It’s big on world-building, and Mitchell boldly laid some of the seeds of the second series within the first, such as talk of the “Undead Prophet” which was mentioned but hardly explored. I’m not sure I particularly like the turn of events which makes the setting of Roarton “important” in the second series, but it’s compulsive watching regardless.

So there you are. It’s obvious. I hate zombie stuff.

Game Postscript: I wonder if games would work for me as I’ve never played anything zombie-themed, although you might argue that both Half-Life (Valve, 1998) and Dead Space (EA Redwood, 2008) offer up zombies after a fashion and I enjoyed both. But, yup, I’ve never booted up The Last of Us (Naughty Dog, 2013), The Walking Dead (Telltale Games, 2008-present), Left 4 Dead (Valve, 2008) or any other number of zombified jaunts. But you may recall I did enjoy the twine Zombies and Elephants (Verena Kyratzes, 2014).

Download my FREE eBook on the collapse of indie game prices an accessible and comprehensive explanation of what has happened to the market.

Sign up for the monthly Electron Dance Newsletter and follow on Twitter!

23 thoughts on “The Farfield: Zombies

  1. I personally love them, though I think they can be deceptive. They help build interestingly looking setups that can disappoint if you don’t have anything to fill them with. Les Revenants was a big let-down for me, for example (you didn’t mention Les Revenants, shame on you).

  2. David, I watched and hated Les Revenants. The characters spent so much time avoiding obvious questions to eke the plot out that I started shouting at the screen. Parts of it were good but, overall, drove me completely mad.

  3. Oh man, you totally have to play–

    Only kidding.

    Don’t forget The Returned, although that’s still in Lost Lindelofian ‘will it or won’t it disappear up its own arse’ limbo. And are they really zombies? What about 28 Days Later? I’ve been proper binging out on The Walking Dead TV series recently and been thoroughly enjoying it. Would love to give the games a whirl though. Still.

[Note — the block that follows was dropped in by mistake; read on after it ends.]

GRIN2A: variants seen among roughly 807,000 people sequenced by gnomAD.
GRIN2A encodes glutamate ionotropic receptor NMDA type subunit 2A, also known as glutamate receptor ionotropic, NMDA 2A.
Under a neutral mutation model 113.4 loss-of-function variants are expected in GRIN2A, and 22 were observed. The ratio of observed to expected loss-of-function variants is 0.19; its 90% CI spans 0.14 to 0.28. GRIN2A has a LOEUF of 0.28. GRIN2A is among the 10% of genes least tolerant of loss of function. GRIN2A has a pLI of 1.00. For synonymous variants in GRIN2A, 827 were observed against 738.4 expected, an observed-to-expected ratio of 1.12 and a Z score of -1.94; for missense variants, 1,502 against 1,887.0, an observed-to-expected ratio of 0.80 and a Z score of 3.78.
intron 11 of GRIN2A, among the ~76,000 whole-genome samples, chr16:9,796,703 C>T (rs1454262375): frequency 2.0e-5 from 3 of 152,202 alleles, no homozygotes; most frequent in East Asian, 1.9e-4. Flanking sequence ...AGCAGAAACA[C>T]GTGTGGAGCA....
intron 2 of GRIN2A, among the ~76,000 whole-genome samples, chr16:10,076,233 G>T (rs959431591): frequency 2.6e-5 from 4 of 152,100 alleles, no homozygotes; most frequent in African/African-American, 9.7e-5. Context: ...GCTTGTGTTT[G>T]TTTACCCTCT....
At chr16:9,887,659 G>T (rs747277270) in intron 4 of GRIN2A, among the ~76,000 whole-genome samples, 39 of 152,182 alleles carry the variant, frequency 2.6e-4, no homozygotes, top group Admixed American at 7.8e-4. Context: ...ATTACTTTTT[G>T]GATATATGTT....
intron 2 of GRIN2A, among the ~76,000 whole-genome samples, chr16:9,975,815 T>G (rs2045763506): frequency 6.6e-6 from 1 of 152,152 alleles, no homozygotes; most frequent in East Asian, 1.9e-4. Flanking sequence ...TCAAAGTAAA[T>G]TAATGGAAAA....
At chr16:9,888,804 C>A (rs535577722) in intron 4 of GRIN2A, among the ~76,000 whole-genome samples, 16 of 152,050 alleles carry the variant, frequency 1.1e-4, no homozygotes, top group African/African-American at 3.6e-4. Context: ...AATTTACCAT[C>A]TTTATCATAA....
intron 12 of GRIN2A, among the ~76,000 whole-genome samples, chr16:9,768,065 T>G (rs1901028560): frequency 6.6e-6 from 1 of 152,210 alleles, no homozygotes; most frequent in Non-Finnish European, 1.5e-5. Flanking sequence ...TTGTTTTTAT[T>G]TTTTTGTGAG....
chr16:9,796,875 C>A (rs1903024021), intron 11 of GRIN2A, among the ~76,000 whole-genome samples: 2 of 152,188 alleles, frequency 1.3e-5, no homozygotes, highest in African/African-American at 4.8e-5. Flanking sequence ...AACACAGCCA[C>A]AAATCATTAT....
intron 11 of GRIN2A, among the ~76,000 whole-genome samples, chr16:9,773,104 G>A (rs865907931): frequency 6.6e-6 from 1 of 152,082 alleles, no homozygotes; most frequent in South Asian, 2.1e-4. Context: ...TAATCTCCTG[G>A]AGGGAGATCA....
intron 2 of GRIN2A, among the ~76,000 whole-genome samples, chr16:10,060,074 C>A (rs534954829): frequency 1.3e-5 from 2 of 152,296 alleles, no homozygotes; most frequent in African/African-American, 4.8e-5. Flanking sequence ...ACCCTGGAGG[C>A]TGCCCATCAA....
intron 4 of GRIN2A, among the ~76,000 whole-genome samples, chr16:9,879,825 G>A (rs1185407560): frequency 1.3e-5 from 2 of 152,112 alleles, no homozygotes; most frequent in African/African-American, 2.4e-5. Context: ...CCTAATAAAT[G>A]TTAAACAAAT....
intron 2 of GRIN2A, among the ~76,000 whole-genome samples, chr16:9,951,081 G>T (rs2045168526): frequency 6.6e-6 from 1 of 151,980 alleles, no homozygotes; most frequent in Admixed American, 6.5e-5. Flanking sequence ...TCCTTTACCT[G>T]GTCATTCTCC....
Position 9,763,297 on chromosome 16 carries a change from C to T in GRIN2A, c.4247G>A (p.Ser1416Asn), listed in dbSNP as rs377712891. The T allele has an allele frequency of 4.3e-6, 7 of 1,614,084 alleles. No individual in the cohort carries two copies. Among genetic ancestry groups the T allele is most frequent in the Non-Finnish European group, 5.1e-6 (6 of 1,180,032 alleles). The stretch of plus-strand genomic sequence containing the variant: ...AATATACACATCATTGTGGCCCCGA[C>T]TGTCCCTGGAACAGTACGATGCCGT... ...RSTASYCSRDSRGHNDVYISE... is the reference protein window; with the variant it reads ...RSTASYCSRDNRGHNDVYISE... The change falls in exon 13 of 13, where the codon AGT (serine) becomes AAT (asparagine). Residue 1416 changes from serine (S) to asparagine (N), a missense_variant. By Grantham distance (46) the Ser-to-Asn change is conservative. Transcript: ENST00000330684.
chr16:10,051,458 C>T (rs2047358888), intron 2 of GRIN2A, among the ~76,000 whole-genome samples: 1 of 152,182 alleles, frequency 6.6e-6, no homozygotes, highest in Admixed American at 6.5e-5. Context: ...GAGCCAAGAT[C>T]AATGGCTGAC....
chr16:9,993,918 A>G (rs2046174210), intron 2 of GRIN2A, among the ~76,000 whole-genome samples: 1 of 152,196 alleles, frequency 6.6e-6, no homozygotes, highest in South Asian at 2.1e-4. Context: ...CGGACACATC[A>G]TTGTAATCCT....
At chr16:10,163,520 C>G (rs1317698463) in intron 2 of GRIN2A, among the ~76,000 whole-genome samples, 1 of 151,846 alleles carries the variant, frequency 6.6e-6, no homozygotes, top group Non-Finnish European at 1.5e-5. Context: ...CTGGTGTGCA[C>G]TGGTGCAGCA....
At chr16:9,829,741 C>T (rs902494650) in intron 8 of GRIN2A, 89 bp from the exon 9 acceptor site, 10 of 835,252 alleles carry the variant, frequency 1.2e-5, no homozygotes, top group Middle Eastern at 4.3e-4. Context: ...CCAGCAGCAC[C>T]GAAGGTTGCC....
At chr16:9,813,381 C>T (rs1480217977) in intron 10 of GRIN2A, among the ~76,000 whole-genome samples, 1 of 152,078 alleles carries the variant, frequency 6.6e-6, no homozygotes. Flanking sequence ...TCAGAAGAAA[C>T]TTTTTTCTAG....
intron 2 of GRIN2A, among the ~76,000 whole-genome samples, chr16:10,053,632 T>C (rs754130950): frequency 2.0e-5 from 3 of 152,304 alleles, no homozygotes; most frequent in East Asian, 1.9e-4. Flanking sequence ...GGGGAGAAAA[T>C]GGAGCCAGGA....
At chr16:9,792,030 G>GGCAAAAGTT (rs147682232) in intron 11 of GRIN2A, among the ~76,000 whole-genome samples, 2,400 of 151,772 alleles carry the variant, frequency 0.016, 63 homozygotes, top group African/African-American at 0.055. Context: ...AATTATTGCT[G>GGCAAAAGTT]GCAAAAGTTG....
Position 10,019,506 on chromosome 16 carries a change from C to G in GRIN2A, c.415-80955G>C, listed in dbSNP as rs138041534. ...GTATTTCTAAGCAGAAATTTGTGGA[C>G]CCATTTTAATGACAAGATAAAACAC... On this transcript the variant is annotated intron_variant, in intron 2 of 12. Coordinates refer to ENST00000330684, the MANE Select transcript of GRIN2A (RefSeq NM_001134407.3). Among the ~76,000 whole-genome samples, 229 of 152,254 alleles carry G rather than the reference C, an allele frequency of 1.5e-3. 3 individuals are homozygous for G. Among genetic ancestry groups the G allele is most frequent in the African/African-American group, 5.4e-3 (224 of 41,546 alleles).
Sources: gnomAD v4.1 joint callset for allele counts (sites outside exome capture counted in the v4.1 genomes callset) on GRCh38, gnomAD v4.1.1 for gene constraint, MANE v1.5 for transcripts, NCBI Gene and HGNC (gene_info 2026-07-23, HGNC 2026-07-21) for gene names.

I was thinking recently about the best zombie games and aside from L4D, I don’t think I’ve played that many. I liked Sarah Northway’s Rebuild on Android. I liked the melee in Dead Island but the characters were pretty terrible and the special abilities were ridiculous. The zombies themselves were unnerving though; slow and quiet, like the best zombies. Don’t forget Thief’s zombies either! I’ve got State of Decay installed and hoping I can start that soon. Dead State looks interesting. The Last of Us was much better than I expected and I liked the real-world grounding behind the infection. Never played Dead Rising. DayZ (the mod) was fun when I managed to get in game and avoid the bugs. (What is this, an alien game? Bugs. Bugs everywhere.)

    Simon Pegg wrote a great article on the zombie mythos around the time Dead Set was aired, partly critiquing it.

    I had a feeling that Crossed was the thing with the blow-hole. I never looked into it, but I never forgot it!

  4. I’ve got really tired of zombies. (I guess that’s not unusual, though.)

    But yes, you’re right – when done right they can be great. I mean, something which was dead is alive-but-not-alive. That’s a really powerful, primal story right there. It looks like The Fades really went with that and ran with it. But they’ve been dropped into so many bits of pop culture, especially games because they’re the perfect AI enemy.

    I find it quite interesting how these pop culture supernatural enemies – vampires, zombies, maybe werewolves though that’s not my area – constantly straddle the sublime and the pulpy. Dracula and Frankenstein are some of the most important novels of the 19th century – they’ve got culture’s stamp of authority on them and are required reading for a lot of uni courses or A-levels. So you’d think that this cheap, “oh I don’t know what to write, wait I know zombies” thing is recent.